It seemed like a good idea to keep on going while they had him moving; she angled him toward her bedroom, and a scant minute later he was lying on the floor beside her bed. Joe released the quilt as soon as she did and immediately backed away from her, his hackles raised as he reacted to the unfamiliar confines of a house.

  Rachel didn’t try to pet him now; she’d already asked so much of him, trespassed so far past the set boundaries, that any further overtures would simply be too much. “This way,” she said, struggling to her feet and leading him back to the front door. He darted past her, anxious for his freedom again, and disappeared into the darkness beyond the porchlight. Slowly she released the screen door and closed it, slapping at a gnat that had entered the house.

  Methodically, her steps slow and faltering, she locked the front and back doors and pulled the curtains over the windows. Her bedroom had old-fashioned venetian blinds, and she closed them. That done, the house as secure as she could make it, she stared down at the naked man sprawled on her bedroom floor. He needed medical attention, skilled medical attention, but she didn’t dare call a doctor. They were required to report all gunshot wounds to the police.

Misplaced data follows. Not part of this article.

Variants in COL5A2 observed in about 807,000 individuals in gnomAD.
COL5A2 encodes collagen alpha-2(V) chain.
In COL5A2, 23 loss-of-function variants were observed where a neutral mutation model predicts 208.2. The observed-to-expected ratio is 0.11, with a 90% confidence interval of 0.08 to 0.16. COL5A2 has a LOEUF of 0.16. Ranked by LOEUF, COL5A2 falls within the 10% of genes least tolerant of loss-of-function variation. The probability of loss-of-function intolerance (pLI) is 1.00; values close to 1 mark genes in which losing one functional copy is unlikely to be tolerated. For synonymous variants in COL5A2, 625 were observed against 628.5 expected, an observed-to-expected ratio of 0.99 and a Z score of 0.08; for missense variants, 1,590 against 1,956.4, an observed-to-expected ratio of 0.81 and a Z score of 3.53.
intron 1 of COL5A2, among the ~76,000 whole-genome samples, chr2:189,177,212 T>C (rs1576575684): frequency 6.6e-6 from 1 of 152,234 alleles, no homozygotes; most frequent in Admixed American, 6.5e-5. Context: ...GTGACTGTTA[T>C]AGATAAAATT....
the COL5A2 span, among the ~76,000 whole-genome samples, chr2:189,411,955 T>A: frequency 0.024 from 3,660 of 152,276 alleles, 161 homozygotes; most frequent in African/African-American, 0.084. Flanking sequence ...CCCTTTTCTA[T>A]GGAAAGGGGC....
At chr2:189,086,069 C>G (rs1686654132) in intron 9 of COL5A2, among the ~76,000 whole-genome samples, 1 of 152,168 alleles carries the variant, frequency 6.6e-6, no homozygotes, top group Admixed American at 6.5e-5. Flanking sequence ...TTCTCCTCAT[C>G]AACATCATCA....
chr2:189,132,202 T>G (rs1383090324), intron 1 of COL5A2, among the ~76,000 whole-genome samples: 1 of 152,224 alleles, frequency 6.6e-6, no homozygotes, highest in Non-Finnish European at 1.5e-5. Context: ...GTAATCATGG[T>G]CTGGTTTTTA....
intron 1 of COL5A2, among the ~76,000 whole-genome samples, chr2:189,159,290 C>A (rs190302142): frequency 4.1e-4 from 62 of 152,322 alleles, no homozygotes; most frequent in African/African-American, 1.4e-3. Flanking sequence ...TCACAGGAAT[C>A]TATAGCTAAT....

There was really only one person who could help her now, one person she trusted to keep a secret. Going to the kitchen, Rachel dialed Honey Mayfield, keeping her fingers crossed that some emergency hadn’t already called Honey out. The telephone was picked up on the third ring, and a distinctly drowsy voice said, “This is Mayfield.”

  “Honey, this is Rachel. Can you come out?”

  “Now?” Honey yawned. “Has something happened to Joe?”

  “No, the animals are fine. But…can you bring your bag? And put it in a grocery sack or something, so no one can see it.”